Worry can be a daily fight. For many of us from the moment we awake the temptation is there and waiting for us to engage in worry. The voice of worry is familiar, yet it’s far from our friend.
Pastor Rob Morgan says worry – a negative focus on the future we can’t control – robs us of the ability to move in the present. He shares the reminder that God’s command to “be anxious for nothing” is vital for our mental and spiritual health.
“Maybe the absolute worry-free existence is in Heaven. But the Bible is telling us, when we find ourselves worrying or beginning to feel anxiety rise, there are things we must do to stop that.”“We don’t have to just sit around and give vent to these emotions and feelings: we can fight them, with the help of doctors and counselors, but especially on the basis of scriptural truth.”
“When we wake in the morning, the Lord is near. He hasn’t left our side; regardless of what we face, the Lord is at hand. When we finish the day and fall asleep at night, the Lord is there by our beds. When we can pray and read our Bibles, we are having a conversation with God, just like a friend in the chair beside us.”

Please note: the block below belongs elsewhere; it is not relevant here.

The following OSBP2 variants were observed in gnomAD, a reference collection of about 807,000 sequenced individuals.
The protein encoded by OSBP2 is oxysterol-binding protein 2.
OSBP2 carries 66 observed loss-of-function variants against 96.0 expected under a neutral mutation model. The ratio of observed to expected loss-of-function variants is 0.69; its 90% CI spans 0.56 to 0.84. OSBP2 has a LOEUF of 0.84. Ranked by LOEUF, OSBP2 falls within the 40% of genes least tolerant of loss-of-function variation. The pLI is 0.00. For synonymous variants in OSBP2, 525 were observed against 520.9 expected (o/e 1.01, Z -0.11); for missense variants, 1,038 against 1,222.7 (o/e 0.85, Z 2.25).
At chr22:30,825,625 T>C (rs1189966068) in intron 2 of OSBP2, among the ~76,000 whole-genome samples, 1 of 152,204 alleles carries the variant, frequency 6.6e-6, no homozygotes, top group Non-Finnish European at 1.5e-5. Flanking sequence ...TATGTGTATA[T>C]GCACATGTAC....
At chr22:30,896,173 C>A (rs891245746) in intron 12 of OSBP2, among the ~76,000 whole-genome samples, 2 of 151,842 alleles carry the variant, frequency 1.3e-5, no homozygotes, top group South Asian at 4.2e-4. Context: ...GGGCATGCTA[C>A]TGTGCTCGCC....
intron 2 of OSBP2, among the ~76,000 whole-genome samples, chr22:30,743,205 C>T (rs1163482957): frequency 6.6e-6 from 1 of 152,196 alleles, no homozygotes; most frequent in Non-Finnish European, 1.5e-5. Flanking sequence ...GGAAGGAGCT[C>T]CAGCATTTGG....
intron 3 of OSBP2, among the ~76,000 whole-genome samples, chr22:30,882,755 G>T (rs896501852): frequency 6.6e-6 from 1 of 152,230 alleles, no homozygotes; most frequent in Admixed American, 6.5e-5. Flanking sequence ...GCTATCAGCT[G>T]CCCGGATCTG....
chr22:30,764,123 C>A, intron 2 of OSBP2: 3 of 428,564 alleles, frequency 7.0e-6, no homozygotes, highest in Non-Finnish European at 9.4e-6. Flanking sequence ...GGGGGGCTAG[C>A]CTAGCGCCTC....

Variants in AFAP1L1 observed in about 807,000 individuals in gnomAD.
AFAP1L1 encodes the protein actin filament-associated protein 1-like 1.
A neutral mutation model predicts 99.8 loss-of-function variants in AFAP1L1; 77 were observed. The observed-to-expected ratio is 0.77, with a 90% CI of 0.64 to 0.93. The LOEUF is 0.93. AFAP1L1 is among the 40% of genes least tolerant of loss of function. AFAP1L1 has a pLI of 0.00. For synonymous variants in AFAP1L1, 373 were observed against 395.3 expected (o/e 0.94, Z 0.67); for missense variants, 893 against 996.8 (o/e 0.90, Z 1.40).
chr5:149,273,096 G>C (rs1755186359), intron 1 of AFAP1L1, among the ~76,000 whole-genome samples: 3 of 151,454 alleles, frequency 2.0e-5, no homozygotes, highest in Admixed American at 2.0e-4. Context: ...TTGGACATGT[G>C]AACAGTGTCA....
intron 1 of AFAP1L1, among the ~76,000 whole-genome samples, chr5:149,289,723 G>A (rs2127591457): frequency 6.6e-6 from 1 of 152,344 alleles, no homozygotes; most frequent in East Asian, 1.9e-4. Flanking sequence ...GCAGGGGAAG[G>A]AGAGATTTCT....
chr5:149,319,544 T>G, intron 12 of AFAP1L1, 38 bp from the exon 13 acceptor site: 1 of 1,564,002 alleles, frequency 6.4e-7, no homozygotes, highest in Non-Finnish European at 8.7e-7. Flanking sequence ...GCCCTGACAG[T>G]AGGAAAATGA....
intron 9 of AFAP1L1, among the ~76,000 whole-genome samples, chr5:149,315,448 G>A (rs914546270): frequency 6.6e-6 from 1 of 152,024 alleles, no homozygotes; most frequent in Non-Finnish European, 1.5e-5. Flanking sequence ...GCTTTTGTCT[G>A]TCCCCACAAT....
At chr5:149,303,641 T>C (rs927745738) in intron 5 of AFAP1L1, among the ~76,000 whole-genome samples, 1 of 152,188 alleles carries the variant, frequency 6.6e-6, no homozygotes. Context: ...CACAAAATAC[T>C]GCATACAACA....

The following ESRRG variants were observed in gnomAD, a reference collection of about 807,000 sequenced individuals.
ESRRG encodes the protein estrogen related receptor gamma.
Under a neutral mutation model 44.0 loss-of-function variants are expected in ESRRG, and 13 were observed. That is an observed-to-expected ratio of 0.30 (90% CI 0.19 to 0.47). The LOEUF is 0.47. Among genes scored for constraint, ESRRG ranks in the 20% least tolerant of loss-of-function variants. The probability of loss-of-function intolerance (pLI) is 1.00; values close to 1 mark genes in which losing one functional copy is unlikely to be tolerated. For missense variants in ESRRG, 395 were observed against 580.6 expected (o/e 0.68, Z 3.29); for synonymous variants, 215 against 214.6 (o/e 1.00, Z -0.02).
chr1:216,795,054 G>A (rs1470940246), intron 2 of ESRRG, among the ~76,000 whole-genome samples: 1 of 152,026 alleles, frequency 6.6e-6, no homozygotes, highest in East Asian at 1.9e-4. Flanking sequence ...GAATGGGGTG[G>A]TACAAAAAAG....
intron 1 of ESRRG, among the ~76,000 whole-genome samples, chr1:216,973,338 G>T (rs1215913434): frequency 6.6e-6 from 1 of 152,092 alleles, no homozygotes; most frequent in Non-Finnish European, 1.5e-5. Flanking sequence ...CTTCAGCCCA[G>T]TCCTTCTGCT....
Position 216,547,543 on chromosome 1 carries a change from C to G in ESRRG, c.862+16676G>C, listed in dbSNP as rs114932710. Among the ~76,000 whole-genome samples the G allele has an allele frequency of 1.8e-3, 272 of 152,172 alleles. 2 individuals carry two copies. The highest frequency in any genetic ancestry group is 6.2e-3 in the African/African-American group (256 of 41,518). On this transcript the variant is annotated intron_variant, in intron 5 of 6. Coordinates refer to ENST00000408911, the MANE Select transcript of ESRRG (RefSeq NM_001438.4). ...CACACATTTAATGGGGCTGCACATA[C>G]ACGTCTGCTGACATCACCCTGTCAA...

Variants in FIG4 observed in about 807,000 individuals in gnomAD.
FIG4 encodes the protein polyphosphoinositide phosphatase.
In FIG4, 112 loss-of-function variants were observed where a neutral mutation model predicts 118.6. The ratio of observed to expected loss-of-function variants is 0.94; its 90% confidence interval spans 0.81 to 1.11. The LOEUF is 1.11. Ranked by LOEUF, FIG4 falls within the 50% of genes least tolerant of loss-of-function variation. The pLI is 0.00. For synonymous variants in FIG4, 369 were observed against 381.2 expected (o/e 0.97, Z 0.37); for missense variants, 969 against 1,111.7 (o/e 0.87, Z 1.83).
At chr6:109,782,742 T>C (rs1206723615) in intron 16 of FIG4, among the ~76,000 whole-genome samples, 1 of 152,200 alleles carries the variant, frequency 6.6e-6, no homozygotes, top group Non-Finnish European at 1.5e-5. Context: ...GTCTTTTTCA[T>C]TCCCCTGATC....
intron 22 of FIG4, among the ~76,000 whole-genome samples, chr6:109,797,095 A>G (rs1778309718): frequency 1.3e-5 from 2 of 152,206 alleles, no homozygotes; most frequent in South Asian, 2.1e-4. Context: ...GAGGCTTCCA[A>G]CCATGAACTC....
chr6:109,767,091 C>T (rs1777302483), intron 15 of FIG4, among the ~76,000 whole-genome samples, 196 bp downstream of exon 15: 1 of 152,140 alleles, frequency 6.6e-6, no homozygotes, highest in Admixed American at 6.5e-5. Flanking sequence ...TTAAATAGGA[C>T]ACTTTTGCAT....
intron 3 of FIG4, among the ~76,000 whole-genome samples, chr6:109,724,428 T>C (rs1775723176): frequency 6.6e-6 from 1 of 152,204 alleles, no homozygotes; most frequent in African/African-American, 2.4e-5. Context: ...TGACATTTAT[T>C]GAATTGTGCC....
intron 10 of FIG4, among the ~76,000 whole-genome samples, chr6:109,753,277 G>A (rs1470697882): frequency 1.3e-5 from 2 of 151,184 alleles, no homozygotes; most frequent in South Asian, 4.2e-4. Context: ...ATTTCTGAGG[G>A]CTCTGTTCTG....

“Knowing that He is near is an important key to conquering fear and worry. If you have the almighty God of the universe around and within you all the time, there’s nothing to really worry about! He can handle anything.”
For a quick list of strategies to win over worry, Rob recommends Philippians 4:4-7.
“Rejoice in the Lord always. I will say it again: Rejoice! Let your gentleness be evident to all. The Lord is near. Do not be anxious about anything, but in everything, by prayer and petition, with thanksgiving, present your requests to God. And the peace of God, which transcends all understanding, will guard your hearts and your minds in Christ Jesus.”
Robert J. Morgan is the teaching pastor of The Donelson Fellowship in Nashville, Tennessee, where he has served for 38 years. He is author of several books including and Worry Less, Live More: God's Prescription for a Better Life.Winning the war on worry